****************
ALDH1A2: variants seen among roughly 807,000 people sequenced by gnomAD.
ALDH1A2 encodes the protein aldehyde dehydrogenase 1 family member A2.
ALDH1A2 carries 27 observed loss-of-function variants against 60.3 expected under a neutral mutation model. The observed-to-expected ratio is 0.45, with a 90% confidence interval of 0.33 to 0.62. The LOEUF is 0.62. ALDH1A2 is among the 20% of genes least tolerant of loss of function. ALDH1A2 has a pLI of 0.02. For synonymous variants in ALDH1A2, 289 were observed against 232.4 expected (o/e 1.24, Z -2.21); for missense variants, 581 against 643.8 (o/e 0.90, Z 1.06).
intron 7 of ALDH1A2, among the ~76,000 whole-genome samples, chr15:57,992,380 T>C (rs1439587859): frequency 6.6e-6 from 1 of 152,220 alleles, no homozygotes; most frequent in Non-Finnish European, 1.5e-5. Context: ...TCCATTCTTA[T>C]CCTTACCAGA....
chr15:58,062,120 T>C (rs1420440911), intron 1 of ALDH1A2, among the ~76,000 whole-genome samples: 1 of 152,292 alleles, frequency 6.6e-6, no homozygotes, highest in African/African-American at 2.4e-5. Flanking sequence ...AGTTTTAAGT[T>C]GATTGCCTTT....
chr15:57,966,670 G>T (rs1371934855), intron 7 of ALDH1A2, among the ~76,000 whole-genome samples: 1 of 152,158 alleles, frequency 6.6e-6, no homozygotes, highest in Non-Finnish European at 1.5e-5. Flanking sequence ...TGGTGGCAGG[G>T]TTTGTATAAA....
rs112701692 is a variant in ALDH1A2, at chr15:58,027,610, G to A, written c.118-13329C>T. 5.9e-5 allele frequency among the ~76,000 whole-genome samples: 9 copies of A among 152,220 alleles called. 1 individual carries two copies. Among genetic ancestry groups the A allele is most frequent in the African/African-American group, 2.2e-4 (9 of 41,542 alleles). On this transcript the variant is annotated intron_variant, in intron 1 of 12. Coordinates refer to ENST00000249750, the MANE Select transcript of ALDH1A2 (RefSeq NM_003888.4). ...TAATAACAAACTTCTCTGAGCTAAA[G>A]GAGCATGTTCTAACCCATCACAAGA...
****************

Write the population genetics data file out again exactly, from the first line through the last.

ALDH1A2: variants seen among roughly 807,000 people sequenced by gnomAD.
ALDH1A2 encodes the protein aldehyde dehydrogenase 1 family member A2.
ALDH1A2 carries 27 observed loss-of-function variants against 60.3 expected under a neutral mutation model. The observed-to-expected ratio is 0.45, with a 90% confidence interval of 0.33 to 0.62. The LOEUF is 0.62. ALDH1A2 is among the 20% of genes least tolerant of loss of function. ALDH1A2 has a pLI of 0.02. For synonymous variants in ALDH1A2, 289 were observed against 232.4 expected (o/e 1.24, Z -2.21); for missense variants, 581 against 643.8 (o/e 0.90, Z 1.06).
intron 7 of ALDH1A2, among the ~76,000 whole-genome samples, chr15:57,992,380 T>C (rs1439587859): frequency 6.6e-6 from 1 of 152,220 alleles, no homozygotes; most frequent in Non-Finnish European, 1.5e-5. Context: ...TCCATTCTTA[T>C]CCTTACCAGA....
chr15:58,062,120 T>C (rs1420440911), intron 1 of ALDH1A2, among the ~76,000 whole-genome samples: 1 of 152,292 alleles, frequency 6.6e-6, no homozygotes, highest in African/African-American at 2.4e-5. Flanking sequence ...AGTTTTAAGT[T>C]GATTGCCTTT....
chr15:57,966,670 G>T (rs1371934855), intron 7 of ALDH1A2, among the ~76,000 whole-genome samples: 1 of 152,158 alleles, frequency 6.6e-6, no homozygotes, highest in Non-Finnish European at 1.5e-5. Flanking sequence ...TGGTGGCAGG[G>T]TTTGTATAAA....
rs112701692 is a variant in ALDH1A2, at chr15:58,027,610, G to A, written c.118-13329C>T. 5.9e-5 allele frequency among the ~76,000 whole-genome samples: 9 copies of A among 152,220 alleles called. 1 individual carries two copies. Among genetic ancestry groups the A allele is most frequent in the African/African-American group, 2.2e-4 (9 of 41,542 alleles). On this transcript the variant is annotated intron_variant, in intron 1 of 12. Coordinates refer to ENST00000249750, the MANE Select transcript of ALDH1A2 (RefSeq NM_003888.4). ...TAATAACAAACTTCTCTGAGCTAAA[G>A]GAGCATGTTCTAACCCATCACAAGA...